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1st February, 2022 by Jennifer Laskey
The appointment of a person as Power of Attorney (whether for Property and Finance or Health and Welfare) is seen as a sensible act. As we get older, appointing a trusted person to act on our behalf in the event we are unable to is prudent future planning.
Often, though, Attorneys are not aware of the nature and extent of their powers and take steps – albeit well meaning ones – that breach their duties. Recently just such a situation has landed an Attorney in hot water and resulted in their acts coming to the attention of the Court.
Attorneys are only able to make gifts on behalf of the Donor of the power if they comply with the requirements of the Mental Capacity Act 2005. Gifts that are authorised will be
If a gift is to be made that falls outside the scope of these gifts then approval from the Court of Protection is needed. An Attorney who goes ahead regardless risks the “gift” being undone and an application being made for their removal – with the risk that they are also ordered to pay the costs of that.
Anyone who is appointed as Attorney must understand the nature and extent of their powers. An Attorney’s obligations centre around good faith and confidentiality. There is a useful guide to what an Attorney can and cannot do at https://www.gov.uk/lasting-power-attorney-duties
Attorneys should ensure that they keep their funds and assets completely separate from those of the Donor and that they keep careful records to show the transactions that they make (and the reasons for those).
Sometimes challenges to the actions of an Attorney can be made many years after the transaction itself – often such things do not come to light until the Donor dies and Executors or beneficiaries question where assets have gone. In such circumstances, the Attorney’s records will help to explain what has been done.
In some cases, however, no explanation will satisfy the enquiry.
Our Team have seen instances where an Attorney – with no intention of doing wrong – has made a “gift” of land to a family member believing that to be what the Donor “would have wanted”. Such would require Court of Protection approval as it is outside the scope of the “usual” gifts the Donor would be expected to make.
In the recent case of Chandler v Lombardi the Attorney was one of the Donor’s four children. The Attorney had transferred a property owned by the Donor into the joint names of the Donor and the Attorney. This effectively gifted 50% of the Donor’s interest in the property to the Attorney.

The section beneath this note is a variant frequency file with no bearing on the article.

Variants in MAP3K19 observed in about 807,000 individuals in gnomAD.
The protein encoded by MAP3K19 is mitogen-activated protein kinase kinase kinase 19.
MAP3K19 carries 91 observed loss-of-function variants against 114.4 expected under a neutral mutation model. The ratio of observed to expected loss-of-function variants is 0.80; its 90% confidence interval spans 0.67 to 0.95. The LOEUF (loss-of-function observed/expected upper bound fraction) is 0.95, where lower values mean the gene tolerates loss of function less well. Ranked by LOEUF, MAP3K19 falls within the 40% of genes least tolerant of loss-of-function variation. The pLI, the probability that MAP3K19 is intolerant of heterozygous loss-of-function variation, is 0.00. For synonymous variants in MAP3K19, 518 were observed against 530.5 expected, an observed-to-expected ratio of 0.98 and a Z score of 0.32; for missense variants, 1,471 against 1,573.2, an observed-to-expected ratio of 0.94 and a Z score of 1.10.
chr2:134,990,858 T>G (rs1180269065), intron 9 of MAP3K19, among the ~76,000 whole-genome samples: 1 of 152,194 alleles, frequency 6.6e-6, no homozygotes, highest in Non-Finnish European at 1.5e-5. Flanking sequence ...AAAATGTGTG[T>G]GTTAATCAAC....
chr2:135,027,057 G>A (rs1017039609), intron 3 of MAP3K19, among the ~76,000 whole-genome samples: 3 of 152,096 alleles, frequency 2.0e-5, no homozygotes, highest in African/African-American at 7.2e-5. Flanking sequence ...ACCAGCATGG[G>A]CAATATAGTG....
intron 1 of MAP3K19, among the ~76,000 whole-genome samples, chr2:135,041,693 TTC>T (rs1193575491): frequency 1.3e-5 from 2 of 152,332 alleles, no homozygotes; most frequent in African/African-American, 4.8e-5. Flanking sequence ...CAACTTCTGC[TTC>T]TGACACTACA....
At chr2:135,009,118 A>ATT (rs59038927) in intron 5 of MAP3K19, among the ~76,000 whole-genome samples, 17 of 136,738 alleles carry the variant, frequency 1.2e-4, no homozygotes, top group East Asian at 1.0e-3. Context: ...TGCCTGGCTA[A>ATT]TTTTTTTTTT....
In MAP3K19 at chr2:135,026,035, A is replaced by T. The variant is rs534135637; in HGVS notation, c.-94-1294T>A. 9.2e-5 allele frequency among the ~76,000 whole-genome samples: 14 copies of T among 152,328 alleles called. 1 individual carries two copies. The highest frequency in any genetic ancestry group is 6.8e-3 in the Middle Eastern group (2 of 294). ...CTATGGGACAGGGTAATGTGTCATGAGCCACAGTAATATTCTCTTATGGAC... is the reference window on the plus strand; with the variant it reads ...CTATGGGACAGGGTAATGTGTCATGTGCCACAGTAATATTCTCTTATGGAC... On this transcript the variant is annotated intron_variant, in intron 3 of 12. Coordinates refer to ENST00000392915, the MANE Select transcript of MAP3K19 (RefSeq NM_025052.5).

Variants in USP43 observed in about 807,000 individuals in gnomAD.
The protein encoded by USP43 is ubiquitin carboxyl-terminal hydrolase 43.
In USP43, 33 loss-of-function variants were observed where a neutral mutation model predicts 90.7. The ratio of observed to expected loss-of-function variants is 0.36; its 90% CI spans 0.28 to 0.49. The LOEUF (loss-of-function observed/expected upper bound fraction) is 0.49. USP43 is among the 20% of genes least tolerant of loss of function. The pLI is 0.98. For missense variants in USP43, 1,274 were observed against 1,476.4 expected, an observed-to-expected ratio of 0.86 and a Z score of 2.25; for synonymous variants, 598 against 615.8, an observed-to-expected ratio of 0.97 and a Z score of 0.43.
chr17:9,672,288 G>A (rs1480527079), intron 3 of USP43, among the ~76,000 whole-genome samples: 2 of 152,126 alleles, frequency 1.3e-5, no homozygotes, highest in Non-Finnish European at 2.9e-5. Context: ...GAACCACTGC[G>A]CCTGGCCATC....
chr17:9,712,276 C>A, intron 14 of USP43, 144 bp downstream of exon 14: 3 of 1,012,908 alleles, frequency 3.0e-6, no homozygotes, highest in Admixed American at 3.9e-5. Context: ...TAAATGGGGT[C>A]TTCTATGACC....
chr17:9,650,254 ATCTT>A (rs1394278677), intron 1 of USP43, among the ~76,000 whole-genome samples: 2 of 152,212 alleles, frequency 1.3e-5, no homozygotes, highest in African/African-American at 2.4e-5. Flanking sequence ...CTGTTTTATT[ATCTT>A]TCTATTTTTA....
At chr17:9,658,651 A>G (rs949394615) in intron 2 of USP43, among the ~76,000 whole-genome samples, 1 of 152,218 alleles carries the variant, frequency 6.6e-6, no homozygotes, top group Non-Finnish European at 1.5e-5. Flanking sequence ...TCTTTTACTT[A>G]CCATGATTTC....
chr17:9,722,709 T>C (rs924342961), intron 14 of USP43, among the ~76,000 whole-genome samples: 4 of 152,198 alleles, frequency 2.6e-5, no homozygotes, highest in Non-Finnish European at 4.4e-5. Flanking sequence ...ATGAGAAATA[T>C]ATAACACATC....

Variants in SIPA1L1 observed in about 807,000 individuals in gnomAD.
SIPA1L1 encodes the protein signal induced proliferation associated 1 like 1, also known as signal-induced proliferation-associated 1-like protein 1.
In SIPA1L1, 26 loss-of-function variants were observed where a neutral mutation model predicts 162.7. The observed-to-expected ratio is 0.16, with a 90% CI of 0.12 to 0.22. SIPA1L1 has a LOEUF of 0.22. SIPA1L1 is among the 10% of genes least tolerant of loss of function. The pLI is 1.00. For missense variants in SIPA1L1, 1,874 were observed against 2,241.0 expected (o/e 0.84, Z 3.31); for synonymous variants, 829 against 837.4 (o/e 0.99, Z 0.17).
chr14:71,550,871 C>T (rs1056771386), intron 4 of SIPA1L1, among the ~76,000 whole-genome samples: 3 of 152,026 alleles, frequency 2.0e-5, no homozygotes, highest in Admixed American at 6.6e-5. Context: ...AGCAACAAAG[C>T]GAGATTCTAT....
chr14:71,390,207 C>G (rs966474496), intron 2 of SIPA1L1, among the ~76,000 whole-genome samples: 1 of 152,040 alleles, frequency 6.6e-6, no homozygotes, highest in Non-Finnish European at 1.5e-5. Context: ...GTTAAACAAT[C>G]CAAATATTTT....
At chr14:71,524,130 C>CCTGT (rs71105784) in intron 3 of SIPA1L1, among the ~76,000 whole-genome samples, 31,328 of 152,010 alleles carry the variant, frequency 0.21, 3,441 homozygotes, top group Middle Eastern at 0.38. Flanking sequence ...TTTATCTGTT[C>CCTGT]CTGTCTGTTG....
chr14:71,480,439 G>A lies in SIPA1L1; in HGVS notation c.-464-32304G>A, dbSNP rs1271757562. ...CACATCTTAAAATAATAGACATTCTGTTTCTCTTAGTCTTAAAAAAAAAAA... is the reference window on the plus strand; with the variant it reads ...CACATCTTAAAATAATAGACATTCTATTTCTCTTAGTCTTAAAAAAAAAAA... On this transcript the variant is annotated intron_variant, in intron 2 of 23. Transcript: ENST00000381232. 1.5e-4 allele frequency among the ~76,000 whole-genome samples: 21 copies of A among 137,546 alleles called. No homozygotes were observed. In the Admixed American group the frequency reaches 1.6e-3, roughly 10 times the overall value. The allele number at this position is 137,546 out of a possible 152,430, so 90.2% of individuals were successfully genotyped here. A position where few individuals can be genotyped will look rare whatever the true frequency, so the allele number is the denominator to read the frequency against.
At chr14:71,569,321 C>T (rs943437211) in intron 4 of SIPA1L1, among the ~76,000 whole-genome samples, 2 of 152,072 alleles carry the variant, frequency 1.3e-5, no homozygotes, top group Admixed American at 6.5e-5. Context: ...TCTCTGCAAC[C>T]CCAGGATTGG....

This gift did not meet the test set out in the Mental Capacity Act and the Attorney had not obtained prior authority for the transfer. As a result the transfer into joint names as tenants-in-common was declared void and an Order was made by the Court that the property Register be rectified accordingly; undoing the transfer.
If you think that an Attorney has done the wrong thing it is important to look at all the facts and to gather as much information as possible about what has been done. Gifts to family members or friends of the donor that coincide with previous gifts and obvious special occasions are unlikely to be open to challenge.
Larger gifts and gifts that are outside the scope of what might be considered “usual” may be called into question, as might “sales” of assets at less than market value. This is true especially where a family member is permitted to acquire an asset at less than its full value.
The risk of getting it wrong is that transactions are undone and any loss to the Donor’s estate (or costs of putting things right) are borne by the Attorney personally, from their own funds, not those of the Donor.
If you are worried that someone has acted improperly under a Power of Attorney our Team can review things for you and advise whether or not a challenge to the actions of the Attorney might be reasonable.
Our experienced team at Howes Percival can assist on all aspects of Contentious Trusts and Probate. For more information click here.
The information on this site about legal matters is provided as a general guide only. Although we try to ensure that all of the information on this site is accurate and up to date, this cannot be guaranteed. The information on this site should not be relied upon or construed as constituting legal advice and Howes Percival LLP disclaims liability in relation to its use. You should seek appropriate legal advice before taking or refraining from taking any action.